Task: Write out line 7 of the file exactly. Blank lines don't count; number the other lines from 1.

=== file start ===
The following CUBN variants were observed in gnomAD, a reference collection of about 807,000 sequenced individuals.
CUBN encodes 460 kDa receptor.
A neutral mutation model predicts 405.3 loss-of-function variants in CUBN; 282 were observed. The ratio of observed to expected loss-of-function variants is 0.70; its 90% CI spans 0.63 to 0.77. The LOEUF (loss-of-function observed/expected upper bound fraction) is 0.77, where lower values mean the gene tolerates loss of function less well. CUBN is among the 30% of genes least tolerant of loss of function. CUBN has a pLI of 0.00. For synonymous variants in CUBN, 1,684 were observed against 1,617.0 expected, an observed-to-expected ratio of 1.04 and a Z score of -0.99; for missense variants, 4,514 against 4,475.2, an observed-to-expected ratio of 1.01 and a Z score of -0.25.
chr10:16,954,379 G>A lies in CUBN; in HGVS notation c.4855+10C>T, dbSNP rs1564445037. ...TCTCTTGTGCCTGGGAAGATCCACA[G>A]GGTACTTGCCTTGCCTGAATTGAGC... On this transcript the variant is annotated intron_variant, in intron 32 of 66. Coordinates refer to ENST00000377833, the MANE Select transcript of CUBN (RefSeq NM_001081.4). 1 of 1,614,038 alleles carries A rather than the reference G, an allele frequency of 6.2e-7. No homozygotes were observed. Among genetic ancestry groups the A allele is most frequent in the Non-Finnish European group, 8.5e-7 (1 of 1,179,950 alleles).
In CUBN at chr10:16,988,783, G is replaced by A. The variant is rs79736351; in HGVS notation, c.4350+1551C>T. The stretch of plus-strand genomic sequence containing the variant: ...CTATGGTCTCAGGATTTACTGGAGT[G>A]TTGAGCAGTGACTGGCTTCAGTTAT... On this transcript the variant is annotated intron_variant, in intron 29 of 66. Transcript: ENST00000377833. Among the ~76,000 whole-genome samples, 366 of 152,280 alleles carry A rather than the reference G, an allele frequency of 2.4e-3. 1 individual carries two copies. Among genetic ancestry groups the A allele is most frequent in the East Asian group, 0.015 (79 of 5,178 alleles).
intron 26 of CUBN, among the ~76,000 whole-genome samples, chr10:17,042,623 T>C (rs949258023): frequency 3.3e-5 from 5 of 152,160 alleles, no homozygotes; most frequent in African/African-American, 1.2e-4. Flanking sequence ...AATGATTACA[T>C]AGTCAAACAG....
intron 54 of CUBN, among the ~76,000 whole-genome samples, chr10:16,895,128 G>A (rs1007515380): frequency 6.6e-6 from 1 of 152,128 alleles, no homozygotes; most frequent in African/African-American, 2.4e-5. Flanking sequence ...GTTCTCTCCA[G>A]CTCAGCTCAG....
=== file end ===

intron 54 of CUBN, among the ~76,000 whole-genome samples, chr10:16,895,128 G>A (rs1007515380): frequency 6.6e-6 from 1 of 152,128 alleles, no homozygotes; most frequent in African/African-American, 2.4e-5. Flanking sequence ...GTTCTCTCCA[G>A]CTCAGCTCAG....